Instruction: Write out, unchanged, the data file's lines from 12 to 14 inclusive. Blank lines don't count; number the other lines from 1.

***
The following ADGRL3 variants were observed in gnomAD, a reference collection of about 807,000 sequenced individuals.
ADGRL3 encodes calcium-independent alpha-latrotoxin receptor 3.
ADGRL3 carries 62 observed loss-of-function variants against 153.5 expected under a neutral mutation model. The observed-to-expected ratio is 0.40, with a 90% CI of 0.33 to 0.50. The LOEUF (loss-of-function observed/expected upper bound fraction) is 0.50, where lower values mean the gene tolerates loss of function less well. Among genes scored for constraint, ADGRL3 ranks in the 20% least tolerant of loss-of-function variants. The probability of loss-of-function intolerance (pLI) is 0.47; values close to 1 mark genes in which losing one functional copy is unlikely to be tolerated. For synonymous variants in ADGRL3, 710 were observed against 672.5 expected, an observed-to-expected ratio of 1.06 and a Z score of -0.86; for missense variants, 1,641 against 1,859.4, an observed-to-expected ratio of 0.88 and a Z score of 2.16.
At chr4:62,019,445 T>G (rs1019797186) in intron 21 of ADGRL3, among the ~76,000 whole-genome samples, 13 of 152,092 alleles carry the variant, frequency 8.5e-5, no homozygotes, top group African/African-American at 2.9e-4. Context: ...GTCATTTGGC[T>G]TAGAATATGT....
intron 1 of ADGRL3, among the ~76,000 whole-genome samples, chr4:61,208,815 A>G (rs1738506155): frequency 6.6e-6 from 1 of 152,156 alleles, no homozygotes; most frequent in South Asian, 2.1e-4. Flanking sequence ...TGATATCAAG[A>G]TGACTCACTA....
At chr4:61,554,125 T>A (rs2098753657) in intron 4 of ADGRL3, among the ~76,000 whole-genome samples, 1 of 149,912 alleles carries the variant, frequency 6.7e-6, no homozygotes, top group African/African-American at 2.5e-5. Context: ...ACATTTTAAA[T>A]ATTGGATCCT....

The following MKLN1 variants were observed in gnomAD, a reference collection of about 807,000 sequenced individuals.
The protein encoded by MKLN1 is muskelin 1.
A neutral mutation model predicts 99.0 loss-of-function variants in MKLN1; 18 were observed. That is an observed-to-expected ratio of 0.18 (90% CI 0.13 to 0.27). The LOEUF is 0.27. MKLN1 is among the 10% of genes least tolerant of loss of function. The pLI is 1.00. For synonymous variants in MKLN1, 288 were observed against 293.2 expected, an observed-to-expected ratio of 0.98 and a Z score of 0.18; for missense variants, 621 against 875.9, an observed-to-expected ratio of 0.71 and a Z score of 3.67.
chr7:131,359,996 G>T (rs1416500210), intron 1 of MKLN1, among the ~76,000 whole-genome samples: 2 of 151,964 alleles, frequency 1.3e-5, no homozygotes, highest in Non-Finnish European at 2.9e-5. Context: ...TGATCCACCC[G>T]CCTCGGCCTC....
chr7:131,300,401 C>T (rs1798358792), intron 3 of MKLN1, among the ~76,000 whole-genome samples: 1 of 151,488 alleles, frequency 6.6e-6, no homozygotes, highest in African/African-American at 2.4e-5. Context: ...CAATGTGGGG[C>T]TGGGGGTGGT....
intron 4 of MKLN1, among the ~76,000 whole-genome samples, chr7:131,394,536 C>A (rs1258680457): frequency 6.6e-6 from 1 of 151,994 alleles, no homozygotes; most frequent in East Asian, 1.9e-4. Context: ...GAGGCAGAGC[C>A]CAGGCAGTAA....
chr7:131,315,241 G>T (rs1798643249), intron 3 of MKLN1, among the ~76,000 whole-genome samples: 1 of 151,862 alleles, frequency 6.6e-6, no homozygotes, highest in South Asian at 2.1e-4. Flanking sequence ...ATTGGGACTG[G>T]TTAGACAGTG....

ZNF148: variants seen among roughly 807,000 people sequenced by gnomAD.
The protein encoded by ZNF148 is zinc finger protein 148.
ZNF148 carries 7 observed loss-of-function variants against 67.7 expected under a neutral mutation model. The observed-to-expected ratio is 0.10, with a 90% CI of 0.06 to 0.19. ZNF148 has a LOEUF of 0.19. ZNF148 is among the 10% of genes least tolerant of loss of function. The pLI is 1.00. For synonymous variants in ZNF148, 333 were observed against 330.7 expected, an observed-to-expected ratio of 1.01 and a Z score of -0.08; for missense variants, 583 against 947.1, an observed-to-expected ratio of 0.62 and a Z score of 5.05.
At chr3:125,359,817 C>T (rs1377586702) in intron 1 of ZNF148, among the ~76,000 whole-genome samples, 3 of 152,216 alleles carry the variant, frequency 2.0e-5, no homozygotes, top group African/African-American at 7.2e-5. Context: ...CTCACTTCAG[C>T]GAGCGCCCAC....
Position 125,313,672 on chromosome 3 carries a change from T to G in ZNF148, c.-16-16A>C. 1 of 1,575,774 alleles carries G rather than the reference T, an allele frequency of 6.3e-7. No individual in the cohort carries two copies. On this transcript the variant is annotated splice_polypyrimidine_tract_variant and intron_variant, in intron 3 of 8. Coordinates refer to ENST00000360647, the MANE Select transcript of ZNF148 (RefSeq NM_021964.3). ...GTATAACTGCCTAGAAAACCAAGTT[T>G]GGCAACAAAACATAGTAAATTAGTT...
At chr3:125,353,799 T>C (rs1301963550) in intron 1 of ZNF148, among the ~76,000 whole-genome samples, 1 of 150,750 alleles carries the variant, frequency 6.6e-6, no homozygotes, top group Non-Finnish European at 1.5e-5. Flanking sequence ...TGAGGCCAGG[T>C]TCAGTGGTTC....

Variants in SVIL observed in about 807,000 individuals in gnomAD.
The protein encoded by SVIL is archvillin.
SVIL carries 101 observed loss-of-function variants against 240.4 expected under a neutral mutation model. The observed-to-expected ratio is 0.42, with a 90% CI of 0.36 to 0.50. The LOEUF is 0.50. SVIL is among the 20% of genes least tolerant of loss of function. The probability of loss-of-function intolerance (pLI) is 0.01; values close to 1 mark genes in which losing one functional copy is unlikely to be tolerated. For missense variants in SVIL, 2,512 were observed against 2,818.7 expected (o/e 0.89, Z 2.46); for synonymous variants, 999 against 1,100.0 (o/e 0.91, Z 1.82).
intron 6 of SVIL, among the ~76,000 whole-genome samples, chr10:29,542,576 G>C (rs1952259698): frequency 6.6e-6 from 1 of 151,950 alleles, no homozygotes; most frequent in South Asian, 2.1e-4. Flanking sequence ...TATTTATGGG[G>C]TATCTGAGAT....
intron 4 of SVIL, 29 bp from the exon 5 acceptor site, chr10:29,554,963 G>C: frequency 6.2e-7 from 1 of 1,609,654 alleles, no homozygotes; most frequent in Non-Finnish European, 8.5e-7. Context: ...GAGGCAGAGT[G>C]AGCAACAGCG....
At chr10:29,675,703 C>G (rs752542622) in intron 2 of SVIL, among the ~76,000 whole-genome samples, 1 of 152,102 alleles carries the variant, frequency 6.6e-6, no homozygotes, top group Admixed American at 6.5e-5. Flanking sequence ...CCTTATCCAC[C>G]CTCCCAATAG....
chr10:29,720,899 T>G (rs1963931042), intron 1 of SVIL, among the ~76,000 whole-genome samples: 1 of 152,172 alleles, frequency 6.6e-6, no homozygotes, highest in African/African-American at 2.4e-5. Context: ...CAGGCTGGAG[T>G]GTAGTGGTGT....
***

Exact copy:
intron 4 of MKLN1, among the ~76,000 whole-genome samples, chr7:131,394,536 C>A (rs1258680457): frequency 6.6e-6 from 1 of 151,994 alleles, no homozygotes; most frequent in East Asian, 1.9e-4. Context: ...GAGGCAGAGC[C>A]CAGGCAGTAA....
chr7:131,315,241 G>T (rs1798643249), intron 3 of MKLN1, among the ~76,000 whole-genome samples: 1 of 151,862 alleles, frequency 6.6e-6, no homozygotes, highest in South Asian at 2.1e-4. Flanking sequence ...ATTGGGACTG[G>T]TTAGACAGTG....

ZNF148: variants seen among roughly 807,000 people sequenced by gnomAD.